Planet B-Boy (2007) - Rotten Tomatoes

Planet B-Boy (2007)



Critic Consensus: Lee's dazzling documentary makes a compelling argument for breakdancing as an art form.

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Movie Info

Director Benson Lee explores the global resurgence of breakdancing in a documentary that proves the so-called "B-boying" trend didn't die with the passing of the '80s. An urban dance style that started on the streets of New York City in the 1970s, B-boying would become an important building block in the formation of hip-hop culture. Though the popularity of such films as Beat Street and Breakin' would inspire teens all over the world to jump onto the cardboard to "pop and lock," as with most trends the urban dance craze seemed to fade into oblivion as quickly as it had once proliferated. But some fads have an uncanny way of resurfacing just when they seem to have disappeared forever, and as limber youths from Germany, Japan, South Korea, France, and the United States all prepare to compete in the Battle of the Year, filmmakers follow the ambitious young dancers as they prepare to take part in one of the fiercest dance competitions on the planet. ~ Jason Buchanan, Rovi

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Critic Reviews for Planet B-Boy

All Critics (41) | Top Critics (18)

Benson Lee's crackling 2007 video documentary follows five teams as they compete for a world title, with one amazing number after another showcasing the dancers' chorus-line precision, gymnastic athleticism, and thematic novelty.

December 17, 2008 | Full Review…

If Benson Lee's intention with Planet B-Boy was to set the record straight on the continuing story of break dancers, then his documentary has to be counted a success. With a few caveats.

May 30, 2008 | Rating: 2.5/4 | Full Review…

What's fun about Benson Lee's documentary Planet B-Boy isn't just the amazingly athletic displays of B-boys he puts on screen, but the film's sense of cultural discovery.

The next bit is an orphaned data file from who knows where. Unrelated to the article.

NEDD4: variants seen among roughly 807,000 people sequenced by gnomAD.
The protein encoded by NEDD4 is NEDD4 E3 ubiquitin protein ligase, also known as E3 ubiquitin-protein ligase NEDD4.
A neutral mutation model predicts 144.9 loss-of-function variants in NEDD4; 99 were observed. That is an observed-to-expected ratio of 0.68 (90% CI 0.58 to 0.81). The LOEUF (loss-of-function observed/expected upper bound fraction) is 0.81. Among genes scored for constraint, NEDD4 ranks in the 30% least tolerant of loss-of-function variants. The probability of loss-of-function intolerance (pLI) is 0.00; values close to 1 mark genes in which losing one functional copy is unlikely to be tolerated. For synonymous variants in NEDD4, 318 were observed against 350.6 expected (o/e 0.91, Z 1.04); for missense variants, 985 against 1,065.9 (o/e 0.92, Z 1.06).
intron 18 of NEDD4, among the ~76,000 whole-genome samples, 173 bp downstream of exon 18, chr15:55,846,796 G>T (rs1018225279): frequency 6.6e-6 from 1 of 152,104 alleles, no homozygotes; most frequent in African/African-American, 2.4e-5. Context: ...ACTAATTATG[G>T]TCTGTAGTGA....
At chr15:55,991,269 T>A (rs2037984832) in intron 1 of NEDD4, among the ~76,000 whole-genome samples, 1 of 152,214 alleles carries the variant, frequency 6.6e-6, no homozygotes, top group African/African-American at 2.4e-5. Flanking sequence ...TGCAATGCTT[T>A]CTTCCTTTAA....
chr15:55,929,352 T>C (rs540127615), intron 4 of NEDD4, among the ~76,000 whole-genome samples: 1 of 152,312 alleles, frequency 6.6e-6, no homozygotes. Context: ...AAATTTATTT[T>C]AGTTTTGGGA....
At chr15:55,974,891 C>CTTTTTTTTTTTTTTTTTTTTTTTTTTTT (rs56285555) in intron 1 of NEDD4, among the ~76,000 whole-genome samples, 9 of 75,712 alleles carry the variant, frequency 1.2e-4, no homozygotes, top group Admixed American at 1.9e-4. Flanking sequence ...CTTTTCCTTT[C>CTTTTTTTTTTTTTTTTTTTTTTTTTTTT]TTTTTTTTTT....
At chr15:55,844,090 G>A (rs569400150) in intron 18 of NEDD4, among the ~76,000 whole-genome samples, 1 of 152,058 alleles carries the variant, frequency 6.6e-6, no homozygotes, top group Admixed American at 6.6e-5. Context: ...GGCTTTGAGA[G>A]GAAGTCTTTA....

May 30, 2008 | Rating: 3/4

If I could, I would spin on my head to express how much I enjoyed Planet B-Boy.

May 16, 2008 | Rating: 3.5/4 | Full Review…

The seemingly endless performances can be a bit much, but Lee's sensitivity to the need of these dancers to say something about themselves through dazzling moves is memorable.

April 25, 2008 | Rating: 2.5/4

An exuberant study of the ways competition and collaboration can team up when it comes to the creativity of these guys.

April 11, 2008 | Rating: 3.5/4

Audience Reviews for Planet B-Boy


Without an interest in break dancing either then or during it's comeback, I found this one difficult to sit through. Boring as hell.

John Ballantine
John Ballantine

Super Reviewer

Great documentary that introduces us into the world of break-dancing in various countries.

Wildaly M
Wildaly M

Super Reviewer

"Breakdancing has evolved" Jumping continents and crossing cultures, "Planet B-Boy" looks at the history of breakdancing and its vibrant resurgence in urban cultures around the world.

In this fabulous edited documentary, Filmmaker Benson Lee follows five groups of young guys who participate to an international break-dance competition. The well oriented interviews are in parallel story and video editing with the judges, some classic images from history in dance and Olympics, participants, their practices and at last the final championship competition, Battle of the Year. The judges do a swell job by wonderfully explaining the history and diverse dance styles of five different countries / cultures. The documentary maker follows the b-boys from the US, South-Korea, Japan and France. Every conversation goes in parallel montage with the family member's point of view. This is where I got a great feeling and depth about the dancers background. This film has so much more to offer than a bunch of well edited dance scenes. Of course the moves of those guys are breathtaking. Each one of them, in a group or in separated, has an interesting break-dance style. Amazing that they were not professionals before, but inspired by them (acrobats, James Brown, Olympic games, etc.) Not that important to the impressive storyline but Benson Lee does not show the dance movements more profound. Many of the dance moves are good, but sometimes the video is too fast edited for the screen to follow it easily without any interruption of a sudden interview. This film shows also the team playing character. Al the five cultures come together at a point of friendship. It gives you the feeling of it's not about winning, for certain not for the prize money, but being together. They made a cause: "those guys made a career out of their dream". I can conclude that when people enjoy their fantastic dream, whatever it is. You can eventually make a job out of it and realize that dreaming isn't some floating idea, but a not yet existing fact of your identity. It's you who needs to find out what your purpose in the future is. Giving up is not an option.

Lorenzo von Matterhorn
Lorenzo von Matterhorn

Super Reviewer

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